Entity Framework: When to use Set<>

c# entity-framework

Question

I'm trying understand the basics of Entity Framework and I have a question about the Set<> method on DbContext. I am using a database first model for the following question.

Let's say I have an ActivityLog database which amongst other things I can use to pull out a message (NLog message, for example). I could write some code to pull out all messages like this:

using (var entities = new ActivityLogEntities())
    foreach (var log in entities.AcitivityLogs)
        Console.WriteLine(log.Message);

However I could also achieve the same thing doing this:

using (var entities = new ActivityLogEntities())
    foreach (var message in entities.Set<ActivityLog>().Select(entity => entity.Message))
        Console.WriteLine(message);

My question is what is the difference between these two statements? When is it more appropriate to use one over the other? Or is this just a matter of personal preference?

1
15
6/7/2013 12:48:36 PM

Accepted Answer

There's no significant difference. In the first case, you have something like:

class MyContext : DbContext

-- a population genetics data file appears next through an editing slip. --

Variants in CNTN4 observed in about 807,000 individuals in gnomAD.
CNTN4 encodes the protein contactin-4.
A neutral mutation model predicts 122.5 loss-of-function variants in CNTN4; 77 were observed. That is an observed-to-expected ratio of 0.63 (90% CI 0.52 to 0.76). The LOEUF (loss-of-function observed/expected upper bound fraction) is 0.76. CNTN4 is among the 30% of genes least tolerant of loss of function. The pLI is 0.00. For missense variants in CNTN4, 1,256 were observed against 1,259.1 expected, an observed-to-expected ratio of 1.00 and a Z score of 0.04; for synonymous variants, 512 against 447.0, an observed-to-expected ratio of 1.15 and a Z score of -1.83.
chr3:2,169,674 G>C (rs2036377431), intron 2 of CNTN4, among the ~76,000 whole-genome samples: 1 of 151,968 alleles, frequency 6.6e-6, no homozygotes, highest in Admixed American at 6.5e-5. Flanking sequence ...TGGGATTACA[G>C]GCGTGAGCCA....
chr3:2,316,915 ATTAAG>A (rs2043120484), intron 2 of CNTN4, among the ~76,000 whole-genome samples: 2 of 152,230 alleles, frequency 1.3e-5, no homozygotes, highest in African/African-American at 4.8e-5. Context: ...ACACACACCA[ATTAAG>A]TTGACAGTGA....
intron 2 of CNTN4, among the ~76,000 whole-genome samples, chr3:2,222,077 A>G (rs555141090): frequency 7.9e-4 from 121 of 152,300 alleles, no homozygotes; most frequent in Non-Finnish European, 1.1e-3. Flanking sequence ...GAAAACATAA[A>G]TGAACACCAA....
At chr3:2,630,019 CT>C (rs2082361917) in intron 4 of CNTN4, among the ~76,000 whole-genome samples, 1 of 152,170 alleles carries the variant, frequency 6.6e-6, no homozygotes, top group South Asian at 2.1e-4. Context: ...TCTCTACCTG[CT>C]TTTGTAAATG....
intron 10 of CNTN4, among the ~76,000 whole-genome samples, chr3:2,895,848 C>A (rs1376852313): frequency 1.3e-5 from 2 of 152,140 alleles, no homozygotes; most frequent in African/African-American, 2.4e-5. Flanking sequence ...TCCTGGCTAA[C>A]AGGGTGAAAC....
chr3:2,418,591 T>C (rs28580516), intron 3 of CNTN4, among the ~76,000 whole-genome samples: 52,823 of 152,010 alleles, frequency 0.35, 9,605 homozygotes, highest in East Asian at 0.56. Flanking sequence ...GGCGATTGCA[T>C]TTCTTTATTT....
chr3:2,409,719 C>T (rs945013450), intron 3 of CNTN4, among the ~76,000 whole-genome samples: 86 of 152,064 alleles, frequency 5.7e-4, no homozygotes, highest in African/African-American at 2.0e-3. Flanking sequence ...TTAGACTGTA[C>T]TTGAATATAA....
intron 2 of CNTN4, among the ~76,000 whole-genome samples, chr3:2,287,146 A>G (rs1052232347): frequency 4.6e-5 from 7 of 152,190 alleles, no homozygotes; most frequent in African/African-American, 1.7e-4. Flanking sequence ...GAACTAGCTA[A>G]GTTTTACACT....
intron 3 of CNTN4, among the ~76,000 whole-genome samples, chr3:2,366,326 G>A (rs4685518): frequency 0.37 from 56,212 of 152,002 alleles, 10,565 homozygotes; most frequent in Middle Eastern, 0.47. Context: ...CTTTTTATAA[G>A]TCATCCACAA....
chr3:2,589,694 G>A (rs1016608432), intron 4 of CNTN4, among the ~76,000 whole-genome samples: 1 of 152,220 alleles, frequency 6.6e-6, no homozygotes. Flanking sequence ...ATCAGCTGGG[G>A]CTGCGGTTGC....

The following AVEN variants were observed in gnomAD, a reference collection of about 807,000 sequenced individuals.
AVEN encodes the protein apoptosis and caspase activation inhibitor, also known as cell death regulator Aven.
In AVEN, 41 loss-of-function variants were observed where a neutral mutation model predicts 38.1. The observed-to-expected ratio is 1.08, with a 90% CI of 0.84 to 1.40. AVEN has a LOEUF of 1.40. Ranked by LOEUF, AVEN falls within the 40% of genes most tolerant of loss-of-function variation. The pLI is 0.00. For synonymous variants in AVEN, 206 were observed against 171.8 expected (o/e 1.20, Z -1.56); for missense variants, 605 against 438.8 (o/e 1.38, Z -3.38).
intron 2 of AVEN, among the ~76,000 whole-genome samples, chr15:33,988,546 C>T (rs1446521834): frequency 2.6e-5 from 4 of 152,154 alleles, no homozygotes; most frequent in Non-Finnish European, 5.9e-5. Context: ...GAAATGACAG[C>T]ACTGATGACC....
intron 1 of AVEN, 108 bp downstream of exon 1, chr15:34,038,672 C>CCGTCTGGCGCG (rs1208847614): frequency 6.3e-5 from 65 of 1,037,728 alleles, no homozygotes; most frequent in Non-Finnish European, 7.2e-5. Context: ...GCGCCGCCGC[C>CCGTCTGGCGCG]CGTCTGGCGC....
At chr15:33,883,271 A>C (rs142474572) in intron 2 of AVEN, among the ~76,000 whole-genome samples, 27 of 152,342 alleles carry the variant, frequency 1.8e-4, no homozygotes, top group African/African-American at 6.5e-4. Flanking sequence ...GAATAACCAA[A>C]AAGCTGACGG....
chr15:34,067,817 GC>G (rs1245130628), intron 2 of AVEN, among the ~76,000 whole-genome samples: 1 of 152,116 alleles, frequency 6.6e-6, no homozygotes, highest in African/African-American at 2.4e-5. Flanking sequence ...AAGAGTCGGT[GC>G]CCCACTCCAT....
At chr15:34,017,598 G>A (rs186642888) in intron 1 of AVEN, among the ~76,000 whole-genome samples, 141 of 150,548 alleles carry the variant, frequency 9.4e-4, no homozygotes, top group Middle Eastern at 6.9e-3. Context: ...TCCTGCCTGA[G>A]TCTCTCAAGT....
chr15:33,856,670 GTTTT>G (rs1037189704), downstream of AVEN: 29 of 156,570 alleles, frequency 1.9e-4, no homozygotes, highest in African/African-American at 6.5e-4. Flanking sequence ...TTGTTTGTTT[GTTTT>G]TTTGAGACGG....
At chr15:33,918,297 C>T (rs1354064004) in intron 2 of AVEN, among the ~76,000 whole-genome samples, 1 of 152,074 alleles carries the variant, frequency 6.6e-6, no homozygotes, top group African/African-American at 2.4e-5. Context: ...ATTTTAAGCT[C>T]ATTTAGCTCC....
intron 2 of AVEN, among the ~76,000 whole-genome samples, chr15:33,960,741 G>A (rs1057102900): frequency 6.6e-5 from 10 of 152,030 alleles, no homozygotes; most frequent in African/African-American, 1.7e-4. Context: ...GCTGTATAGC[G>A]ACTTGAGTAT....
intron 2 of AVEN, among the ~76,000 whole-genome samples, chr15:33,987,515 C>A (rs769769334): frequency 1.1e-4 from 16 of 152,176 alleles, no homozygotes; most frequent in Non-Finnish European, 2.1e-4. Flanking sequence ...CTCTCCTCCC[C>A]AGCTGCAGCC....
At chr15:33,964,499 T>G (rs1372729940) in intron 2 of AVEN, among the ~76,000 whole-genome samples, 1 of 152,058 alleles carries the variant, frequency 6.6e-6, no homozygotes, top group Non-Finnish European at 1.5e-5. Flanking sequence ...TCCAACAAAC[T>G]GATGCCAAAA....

{
    public DbSet<AcitivityLog> AcitivityLogs { get; set; }
}

When context is creating, it looks for public DbSet<T> read/write-properties, and does this (pseudo-code):

dbSetProperty = Set<EntityType>();

But, there are cases, when you:

1) don't want to make public properties for all of you entity types;
2) don't know all of the entity types at context's design time.

In these cases Set<T> is the only way to get proper entity set.

12
6/7/2013 12:52:06 PM

Popular Answer

The only reason i have ever used Set<T> is when you are acting on a type you dont know, eg a generic insert.

Heres an example from my generic repository:

  public void AddOnSave(T entity)
  {
     ctx.Set<T>.Add(entity);
  }

Using it for regular stuff just makes the code less readable IMHO



Related Questions





Related

Licensed under: CC-BY-SA with attribution
Not affiliated with Stack Overflow
Licensed under: CC-BY-SA with attribution
Not affiliated with Stack Overflow